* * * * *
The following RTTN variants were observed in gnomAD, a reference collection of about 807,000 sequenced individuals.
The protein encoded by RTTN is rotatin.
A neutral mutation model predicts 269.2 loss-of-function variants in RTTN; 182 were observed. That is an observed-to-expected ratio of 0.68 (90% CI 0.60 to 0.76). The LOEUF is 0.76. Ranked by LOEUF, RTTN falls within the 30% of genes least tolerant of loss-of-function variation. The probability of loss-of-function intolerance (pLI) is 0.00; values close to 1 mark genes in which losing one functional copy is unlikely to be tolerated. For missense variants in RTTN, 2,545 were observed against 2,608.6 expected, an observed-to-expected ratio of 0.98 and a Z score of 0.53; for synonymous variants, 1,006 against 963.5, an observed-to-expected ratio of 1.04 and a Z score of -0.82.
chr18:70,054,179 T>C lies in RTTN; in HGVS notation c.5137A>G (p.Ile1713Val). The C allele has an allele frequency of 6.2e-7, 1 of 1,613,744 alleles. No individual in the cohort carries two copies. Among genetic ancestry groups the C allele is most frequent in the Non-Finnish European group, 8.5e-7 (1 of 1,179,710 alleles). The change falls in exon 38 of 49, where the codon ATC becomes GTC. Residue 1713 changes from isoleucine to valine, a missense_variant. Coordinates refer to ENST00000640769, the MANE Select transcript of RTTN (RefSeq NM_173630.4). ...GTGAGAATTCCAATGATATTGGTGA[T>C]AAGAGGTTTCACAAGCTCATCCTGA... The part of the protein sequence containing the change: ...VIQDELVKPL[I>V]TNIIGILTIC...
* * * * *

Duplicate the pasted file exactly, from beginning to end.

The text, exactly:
The following RTTN variants were observed in gnomAD, a reference collection of about 807,000 sequenced individuals.
The protein encoded by RTTN is rotatin.
A neutral mutation model predicts 269.2 loss-of-function variants in RTTN; 182 were observed. That is an observed-to-expected ratio of 0.68 (90% CI 0.60 to 0.76). The LOEUF is 0.76. Ranked by LOEUF, RTTN falls within the 30% of genes least tolerant of loss-of-function variation. The probability of loss-of-function intolerance (pLI) is 0.00; values close to 1 mark genes in which losing one functional copy is unlikely to be tolerated. For missense variants in RTTN, 2,545 were observed against 2,608.6 expected, an observed-to-expected ratio of 0.98 and a Z score of 0.53; for synonymous variants, 1,006 against 963.5, an observed-to-expected ratio of 1.04 and a Z score of -0.82.
chr18:70,054,179 T>C lies in RTTN; in HGVS notation c.5137A>G (p.Ile1713Val). The C allele has an allele frequency of 6.2e-7, 1 of 1,613,744 alleles. No individual in the cohort carries two copies. Among genetic ancestry groups the C allele is most frequent in the Non-Finnish European group, 8.5e-7 (1 of 1,179,710 alleles). The change falls in exon 38 of 49, where the codon ATC becomes GTC. Residue 1713 changes from isoleucine to valine, a missense_variant. Coordinates refer to ENST00000640769, the MANE Select transcript of RTTN (RefSeq NM_173630.4). ...GTGAGAATTCCAATGATATTGGTGA[T>C]AAGAGGTTTCACAAGCTCATCCTGA... The part of the protein sequence containing the change: ...VIQDELVKPL[I>V]TNIIGILTIC...